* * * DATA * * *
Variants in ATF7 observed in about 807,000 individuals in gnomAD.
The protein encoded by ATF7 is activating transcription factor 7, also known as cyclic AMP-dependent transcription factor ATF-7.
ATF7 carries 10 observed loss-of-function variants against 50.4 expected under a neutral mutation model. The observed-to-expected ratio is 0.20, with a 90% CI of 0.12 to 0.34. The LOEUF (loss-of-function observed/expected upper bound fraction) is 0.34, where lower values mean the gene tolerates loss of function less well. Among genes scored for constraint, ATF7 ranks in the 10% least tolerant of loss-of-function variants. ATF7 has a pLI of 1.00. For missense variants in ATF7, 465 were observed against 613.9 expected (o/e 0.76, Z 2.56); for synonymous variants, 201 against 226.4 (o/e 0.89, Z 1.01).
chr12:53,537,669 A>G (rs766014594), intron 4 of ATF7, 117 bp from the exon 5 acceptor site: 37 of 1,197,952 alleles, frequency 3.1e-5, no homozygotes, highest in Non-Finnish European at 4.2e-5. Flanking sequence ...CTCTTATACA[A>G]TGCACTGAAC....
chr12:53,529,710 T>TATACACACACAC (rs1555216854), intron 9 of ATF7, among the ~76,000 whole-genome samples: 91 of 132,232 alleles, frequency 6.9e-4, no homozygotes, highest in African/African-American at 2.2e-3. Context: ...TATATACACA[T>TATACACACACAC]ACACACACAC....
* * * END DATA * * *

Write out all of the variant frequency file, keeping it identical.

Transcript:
Variants in ATF7 observed in about 807,000 individuals in gnomAD.
The protein encoded by ATF7 is activating transcription factor 7, also known as cyclic AMP-dependent transcription factor ATF-7.
ATF7 carries 10 observed loss-of-function variants against 50.4 expected under a neutral mutation model. The observed-to-expected ratio is 0.20, with a 90% CI of 0.12 to 0.34. The LOEUF (loss-of-function observed/expected upper bound fraction) is 0.34, where lower values mean the gene tolerates loss of function less well. Among genes scored for constraint, ATF7 ranks in the 10% least tolerant of loss-of-function variants. ATF7 has a pLI of 1.00. For missense variants in ATF7, 465 were observed against 613.9 expected (o/e 0.76, Z 2.56); for synonymous variants, 201 against 226.4 (o/e 0.89, Z 1.01).
chr12:53,537,669 A>G (rs766014594), intron 4 of ATF7, 117 bp from the exon 5 acceptor site: 37 of 1,197,952 alleles, frequency 3.1e-5, no homozygotes, highest in Non-Finnish European at 4.2e-5. Flanking sequence ...CTCTTATACA[A>G]TGCACTGAAC....
chr12:53,529,710 T>TATACACACACAC (rs1555216854), intron 9 of ATF7, among the ~76,000 whole-genome samples: 91 of 132,232 alleles, frequency 6.9e-4, no homozygotes, highest in African/African-American at 2.2e-3. Context: ...TATATACACA[T>TATACACACACAC]ACACACACAC....